Q: What do you think are the positive and negative sides of living in the Czech Republic?

A: Positive: This is a beautiful, mysterious, historical city. It’s like you’re time-traveling in some parts. The countryside is gorgeous. Travel within Europe is so easy and cheap. There is grass! And castles, and cobblestoned streets. Living here is cheaper than Australia or Hong Kong. There are restaurants from all over the world. The oldest university in central Europe is here. Lot of outdoor activities.

Negatives: The pay is generally less than what I was making in other places. Easy to live and save here, but your money doesn’t go as far when you leave the Czech Republic. It’s also dark for much longer, a lot of the year. I found it challenging to go to work in the dark and come home in the dark for months. I was rarely cold though because everywhere is heated.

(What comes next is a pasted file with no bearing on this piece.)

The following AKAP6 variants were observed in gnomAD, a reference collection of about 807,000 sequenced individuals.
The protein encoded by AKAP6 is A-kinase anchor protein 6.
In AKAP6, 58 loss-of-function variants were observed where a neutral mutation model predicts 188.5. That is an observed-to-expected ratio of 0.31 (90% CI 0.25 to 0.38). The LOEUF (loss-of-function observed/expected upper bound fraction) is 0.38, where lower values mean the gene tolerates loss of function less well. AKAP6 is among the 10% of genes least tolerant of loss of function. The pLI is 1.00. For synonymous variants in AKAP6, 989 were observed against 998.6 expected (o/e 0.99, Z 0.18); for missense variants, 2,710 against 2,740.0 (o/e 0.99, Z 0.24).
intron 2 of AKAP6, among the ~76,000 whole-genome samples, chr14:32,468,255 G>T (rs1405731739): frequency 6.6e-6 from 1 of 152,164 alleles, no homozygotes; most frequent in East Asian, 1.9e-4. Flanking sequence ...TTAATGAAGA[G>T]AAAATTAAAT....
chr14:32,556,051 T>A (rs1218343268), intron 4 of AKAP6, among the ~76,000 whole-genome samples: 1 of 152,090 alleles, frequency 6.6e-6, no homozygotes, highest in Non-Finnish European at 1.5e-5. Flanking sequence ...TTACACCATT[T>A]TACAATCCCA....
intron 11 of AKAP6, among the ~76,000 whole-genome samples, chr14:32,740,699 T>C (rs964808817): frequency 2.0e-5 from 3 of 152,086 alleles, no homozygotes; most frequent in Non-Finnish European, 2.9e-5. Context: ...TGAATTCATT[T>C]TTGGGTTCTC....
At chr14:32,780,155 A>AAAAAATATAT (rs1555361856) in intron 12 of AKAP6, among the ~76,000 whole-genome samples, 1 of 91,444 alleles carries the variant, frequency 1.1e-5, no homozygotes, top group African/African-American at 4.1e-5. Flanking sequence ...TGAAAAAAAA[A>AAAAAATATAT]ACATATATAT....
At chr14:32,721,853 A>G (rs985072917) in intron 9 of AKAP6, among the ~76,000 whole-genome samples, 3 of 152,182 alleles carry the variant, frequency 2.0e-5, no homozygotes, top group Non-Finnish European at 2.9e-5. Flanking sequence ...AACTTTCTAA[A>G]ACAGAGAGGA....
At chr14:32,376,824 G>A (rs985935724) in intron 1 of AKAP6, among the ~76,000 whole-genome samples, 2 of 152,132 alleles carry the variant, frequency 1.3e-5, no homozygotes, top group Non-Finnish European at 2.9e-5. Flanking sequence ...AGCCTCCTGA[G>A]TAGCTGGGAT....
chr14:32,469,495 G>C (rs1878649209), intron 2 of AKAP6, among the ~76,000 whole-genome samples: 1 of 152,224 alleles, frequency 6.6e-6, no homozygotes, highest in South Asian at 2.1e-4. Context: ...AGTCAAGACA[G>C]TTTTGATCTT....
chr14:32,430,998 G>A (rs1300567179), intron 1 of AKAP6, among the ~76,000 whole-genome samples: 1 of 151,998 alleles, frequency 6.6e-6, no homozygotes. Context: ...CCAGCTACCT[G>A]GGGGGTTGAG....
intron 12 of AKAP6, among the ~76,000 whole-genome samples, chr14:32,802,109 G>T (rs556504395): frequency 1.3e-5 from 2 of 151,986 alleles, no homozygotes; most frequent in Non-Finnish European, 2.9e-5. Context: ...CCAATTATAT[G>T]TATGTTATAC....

Q: What are the best things to do in the area? Any particular recommendations for future expats?

A: Museums, restaurants, historical sites, lots of day-trips, easy travel within Europe. Lots of sport to play or watch.


Q: Do you have plans to move to a different country or back home in the future?

A: Honestly, I found it hard to adjust to less money (My kids haven’t all finished college…). But I love it here and plan to stay.


Q: What tips will you give to expats living in the country?

A: Make friends. Use Facebook groups.


Q: Do you have favourite websites or blogs about the Czech Republic?

A: I read a ton before I moved. Now I mostly search when necessary. The Facebook sites are useful, but I opt now to search when I need to find out something or check in casually.